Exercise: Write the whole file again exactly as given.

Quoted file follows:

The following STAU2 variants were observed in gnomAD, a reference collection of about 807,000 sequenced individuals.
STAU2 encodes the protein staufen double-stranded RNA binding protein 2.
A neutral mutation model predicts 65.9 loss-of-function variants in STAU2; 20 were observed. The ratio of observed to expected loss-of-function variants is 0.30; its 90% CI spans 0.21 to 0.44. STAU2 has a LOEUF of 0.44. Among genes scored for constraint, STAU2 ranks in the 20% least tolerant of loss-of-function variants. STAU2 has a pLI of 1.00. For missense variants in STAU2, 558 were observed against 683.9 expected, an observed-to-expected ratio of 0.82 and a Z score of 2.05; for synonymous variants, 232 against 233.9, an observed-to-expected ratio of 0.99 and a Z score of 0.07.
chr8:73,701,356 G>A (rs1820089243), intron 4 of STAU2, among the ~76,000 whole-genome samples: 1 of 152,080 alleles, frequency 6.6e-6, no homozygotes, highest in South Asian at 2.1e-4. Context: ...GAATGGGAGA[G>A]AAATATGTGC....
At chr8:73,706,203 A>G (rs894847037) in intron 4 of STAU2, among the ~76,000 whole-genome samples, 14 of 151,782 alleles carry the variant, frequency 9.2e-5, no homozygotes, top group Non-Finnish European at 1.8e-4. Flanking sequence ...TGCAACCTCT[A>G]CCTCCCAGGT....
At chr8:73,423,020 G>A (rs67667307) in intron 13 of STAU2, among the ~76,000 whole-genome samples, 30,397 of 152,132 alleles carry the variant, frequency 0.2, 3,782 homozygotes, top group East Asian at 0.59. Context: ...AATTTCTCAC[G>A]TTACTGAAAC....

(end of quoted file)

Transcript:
The following STAU2 variants were observed in gnomAD, a reference collection of about 807,000 sequenced individuals.
STAU2 encodes the protein staufen double-stranded RNA binding protein 2.
A neutral mutation model predicts 65.9 loss-of-function variants in STAU2; 20 were observed. The ratio of observed to expected loss-of-function variants is 0.30; its 90% CI spans 0.21 to 0.44. STAU2 has a LOEUF of 0.44. Among genes scored for constraint, STAU2 ranks in the 20% least tolerant of loss-of-function variants. STAU2 has a pLI of 1.00. For missense variants in STAU2, 558 were observed against 683.9 expected, an observed-to-expected ratio of 0.82 and a Z score of 2.05; for synonymous variants, 232 against 233.9, an observed-to-expected ratio of 0.99 and a Z score of 0.07.
chr8:73,701,356 G>A (rs1820089243), intron 4 of STAU2, among the ~76,000 whole-genome samples: 1 of 152,080 alleles, frequency 6.6e-6, no homozygotes, highest in South Asian at 2.1e-4. Context: ...GAATGGGAGA[G>A]AAATATGTGC....
At chr8:73,706,203 A>G (rs894847037) in intron 4 of STAU2, among the ~76,000 whole-genome samples, 14 of 151,782 alleles carry the variant, frequency 9.2e-5, no homozygotes, top group Non-Finnish European at 1.8e-4. Flanking sequence ...TGCAACCTCT[A>G]CCTCCCAGGT....
At chr8:73,423,020 G>A (rs67667307) in intron 13 of STAU2, among the ~76,000 whole-genome samples, 30,397 of 152,132 alleles carry the variant, frequency 0.2, 3,782 homozygotes, top group East Asian at 0.59. Context: ...AATTTCTCAC[G>A]TTACTGAAAC....